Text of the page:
Donald's Encyclopedia of Popular Music



A white R&B band formed by folk guitarist John Warren Geils Jr. (b 20 February 1946, NYC; d 10 April 2017, Groton MA), who met harmonica player Magic Dick (b Richard Salwitz, 13 May 1945, New London CT), bassist Danny Klein (b 13 May 1946, Worcester MA) while studying engineering. In '67 they added vocalist Peter Wolf (b Peter Blankfield, 7 March 1946, NYC), drummer Stephen Jo Bladd (b 13 July 1942, Boston); Wolf, whose taste for doo-wop and '50s rock'n'roll fitted neatly, was a former disc jockey at WBCN Boston and a striking frontman, tall, spindly and dynamic. Keyboardist Seth Justman (b 27 January 1951, Washington DC) completed the lineup '67; by the '80s Justman was composing nearly all the band's material. J. Geils Band '71 was the first of nine albums for Atlantic. R&B covers, e.g. Smokey Robinson's 'First I Look At The Purse', Bobby Womack's 'Looking For A Love' (their first top 40 USA, no. 39 '72) were interspersed with originals like reggae-tinged 'Give It To Me' (no. 30 '73) and 'Must Have Got Lost' (biggest '70s single at no. 12 '74).

The albums lost fire in the '70s but the live show was always recommended; Wolf's marriage to film star Faye Dunaway may have cost credibility with contemporary fans. Other Atlantic LPs were The Morning After, live Full House '72; Bloodshot (no. 10 USA), Ladies Invited '73; Nightmares '74; Hotline '75; Blow Your Face Out '76; Monkey Island '77. Signing to EMI/America '78 rejuvenated them: Sanctuary had no. 35 single 'One Last Kiss', while Love Stinks '80 was a no. 18 album USA, had two more top 40 entries; Freeze-Frame '81 was a no. 1 LP for four weeks, the title track no. 4 USA/27 UK, while swaggering, macho 'Centerfold' was no. 1 USA/3 UK, less typical balladic 'Angel In Blue' no. 40 USA.

Thet toured widely in '80s, Europe with Rolling Stones '82; live Showtime! '82 was a no. 23 LP USA, including recent hits: rousing 'Land Of A Thousand Dances' marred by Wolf's self- indulgent stage rap, which didn't work on a record. He went solo '83, working with writer/producer Michael Jonzun; title track of his Lights Out was a no. 12 USA single '84. Justman found the vocalist's mantle hard to shoulder with his other chores; J. Geils's post-split album You're Gettin' Even While I'm Gettin' Odd '84 no. 80, single 'Concealed Weapons' no. 63. It was their last chart album. It had taken a while to hit the top, ten years to that no. 1 album; 'It was a great sense of accomplishment after all we'd been through,' said Wolf, who rejected accusations of selling out with Justman's commercial material: 'We never said we were a blues band.' All their stuff was reissued on CD.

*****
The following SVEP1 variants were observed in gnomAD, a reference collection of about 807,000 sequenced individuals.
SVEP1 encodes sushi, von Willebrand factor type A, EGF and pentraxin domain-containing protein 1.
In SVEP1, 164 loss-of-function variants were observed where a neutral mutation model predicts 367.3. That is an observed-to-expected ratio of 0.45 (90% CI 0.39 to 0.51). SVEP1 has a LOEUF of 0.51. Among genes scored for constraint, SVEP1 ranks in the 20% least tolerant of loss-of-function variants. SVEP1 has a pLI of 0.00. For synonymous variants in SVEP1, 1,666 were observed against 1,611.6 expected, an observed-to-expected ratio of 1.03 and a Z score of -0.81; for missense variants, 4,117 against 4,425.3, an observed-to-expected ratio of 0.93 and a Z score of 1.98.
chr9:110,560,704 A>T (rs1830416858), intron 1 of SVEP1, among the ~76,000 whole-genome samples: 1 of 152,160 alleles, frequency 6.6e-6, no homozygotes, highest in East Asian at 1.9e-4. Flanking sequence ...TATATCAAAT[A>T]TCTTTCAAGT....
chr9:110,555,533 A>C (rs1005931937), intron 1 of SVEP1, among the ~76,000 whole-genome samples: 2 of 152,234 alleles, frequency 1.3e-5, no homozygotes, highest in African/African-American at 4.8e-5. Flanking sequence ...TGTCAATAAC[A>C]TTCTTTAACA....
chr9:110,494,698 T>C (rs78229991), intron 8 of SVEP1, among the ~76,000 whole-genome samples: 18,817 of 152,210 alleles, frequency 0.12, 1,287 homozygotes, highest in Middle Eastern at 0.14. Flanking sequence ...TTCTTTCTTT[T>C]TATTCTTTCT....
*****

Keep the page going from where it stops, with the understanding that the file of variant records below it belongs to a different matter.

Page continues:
Wolf  carried on as a sort of Renaissance man of rock; he'd done it all and insisted on doing it the classic way, making an album carefully. Sleepless in 2002 on Artemis included guests Mick Jagger, Keith Richards and Steve Earle, and Rolling Stone praised it as 'a superb work of soulfulness and delicacy', but it flopped badly without radio play and was not promoted well enough to make a tour pay off. He pursued various projects, always a painter (in art school he had roomed with director David Lynch), and finally went back to work, rounding up producer Kenny White, songwriter Will Jennings, sideman Larry Campbell, and carefully programmed a new album, Midnight Souvenirs, raising the money privately and taking the almost finished project to Verve. There are duets with Merle Haggard, Shelby Lynne and Neko Case, but the main thing is he did it his way, never mind the changes in the music biz: 'I come from an era where an album is an album.' He carried on with A Cure For Loneliness (2016 on Concord), well liked by Jim Fusilli in the Wall Street Journal.

A Geils band reunited a few times, finally without Geils because of a legal dispute; Geils was said to have trademarked the name in 2009.